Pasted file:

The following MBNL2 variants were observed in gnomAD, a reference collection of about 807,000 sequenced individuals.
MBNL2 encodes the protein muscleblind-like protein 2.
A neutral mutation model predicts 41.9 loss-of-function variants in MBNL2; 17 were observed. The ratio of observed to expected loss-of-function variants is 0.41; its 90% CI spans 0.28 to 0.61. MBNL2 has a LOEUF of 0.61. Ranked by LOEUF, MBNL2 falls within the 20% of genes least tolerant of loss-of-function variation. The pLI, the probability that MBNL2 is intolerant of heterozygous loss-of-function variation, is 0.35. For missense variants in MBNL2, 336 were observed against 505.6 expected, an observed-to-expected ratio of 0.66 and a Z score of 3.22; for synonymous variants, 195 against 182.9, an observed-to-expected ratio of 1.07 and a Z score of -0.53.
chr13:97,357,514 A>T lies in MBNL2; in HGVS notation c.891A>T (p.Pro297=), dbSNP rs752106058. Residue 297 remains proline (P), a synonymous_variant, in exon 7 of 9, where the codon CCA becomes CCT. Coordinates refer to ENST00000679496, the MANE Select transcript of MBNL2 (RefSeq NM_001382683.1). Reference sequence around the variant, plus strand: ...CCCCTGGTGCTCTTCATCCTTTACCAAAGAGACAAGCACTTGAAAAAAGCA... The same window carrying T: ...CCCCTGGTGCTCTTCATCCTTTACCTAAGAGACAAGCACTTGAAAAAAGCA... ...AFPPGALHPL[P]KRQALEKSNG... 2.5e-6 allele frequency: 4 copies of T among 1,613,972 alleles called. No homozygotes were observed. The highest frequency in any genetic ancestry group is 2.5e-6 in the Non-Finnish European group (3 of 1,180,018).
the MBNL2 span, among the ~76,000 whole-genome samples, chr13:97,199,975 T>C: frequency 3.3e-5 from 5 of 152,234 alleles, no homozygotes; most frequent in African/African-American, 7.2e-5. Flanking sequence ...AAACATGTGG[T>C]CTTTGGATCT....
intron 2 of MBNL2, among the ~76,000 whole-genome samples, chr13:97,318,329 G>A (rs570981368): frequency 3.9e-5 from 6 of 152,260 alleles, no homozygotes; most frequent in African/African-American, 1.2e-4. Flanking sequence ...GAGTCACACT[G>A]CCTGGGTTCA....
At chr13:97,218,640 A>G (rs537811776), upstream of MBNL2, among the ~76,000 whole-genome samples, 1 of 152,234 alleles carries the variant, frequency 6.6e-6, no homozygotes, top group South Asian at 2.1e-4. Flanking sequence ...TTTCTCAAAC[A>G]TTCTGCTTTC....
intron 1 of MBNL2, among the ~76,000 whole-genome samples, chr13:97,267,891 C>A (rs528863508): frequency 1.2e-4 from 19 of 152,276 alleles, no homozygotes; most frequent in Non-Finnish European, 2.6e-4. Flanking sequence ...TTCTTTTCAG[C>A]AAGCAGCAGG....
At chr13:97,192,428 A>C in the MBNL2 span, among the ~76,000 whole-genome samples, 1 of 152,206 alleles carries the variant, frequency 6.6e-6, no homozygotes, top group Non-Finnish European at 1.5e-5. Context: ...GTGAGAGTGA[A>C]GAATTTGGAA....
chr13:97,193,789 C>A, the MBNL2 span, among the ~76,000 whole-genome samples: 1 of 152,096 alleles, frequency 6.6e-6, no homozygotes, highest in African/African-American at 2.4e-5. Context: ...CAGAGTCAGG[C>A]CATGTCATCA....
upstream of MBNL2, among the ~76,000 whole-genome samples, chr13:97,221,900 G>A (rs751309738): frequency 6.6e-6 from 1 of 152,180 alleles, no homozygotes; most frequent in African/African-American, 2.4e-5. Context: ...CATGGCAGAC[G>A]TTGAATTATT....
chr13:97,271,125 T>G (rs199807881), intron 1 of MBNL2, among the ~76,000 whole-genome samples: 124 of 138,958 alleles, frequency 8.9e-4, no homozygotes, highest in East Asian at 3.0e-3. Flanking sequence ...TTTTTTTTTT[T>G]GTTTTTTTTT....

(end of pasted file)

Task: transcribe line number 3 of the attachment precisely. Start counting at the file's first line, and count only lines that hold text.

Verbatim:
A neutral mutation model predicts 41.9 loss-of-function variants in MBNL2; 17 were observed. The ratio of observed to expected loss-of-function variants is 0.41; its 90% CI spans 0.28 to 0.61. MBNL2 has a LOEUF of 0.61. Ranked by LOEUF, MBNL2 falls within the 20% of genes least tolerant of loss-of-function variation. The pLI, the probability that MBNL2 is intolerant of heterozygous loss-of-function variation, is 0.35. For missense variants in MBNL2, 336 were observed against 505.6 expected, an observed-to-expected ratio of 0.66 and a Z score of 3.22; for synonymous variants, 195 against 182.9, an observed-to-expected ratio of 1.07 and a Z score of -0.53.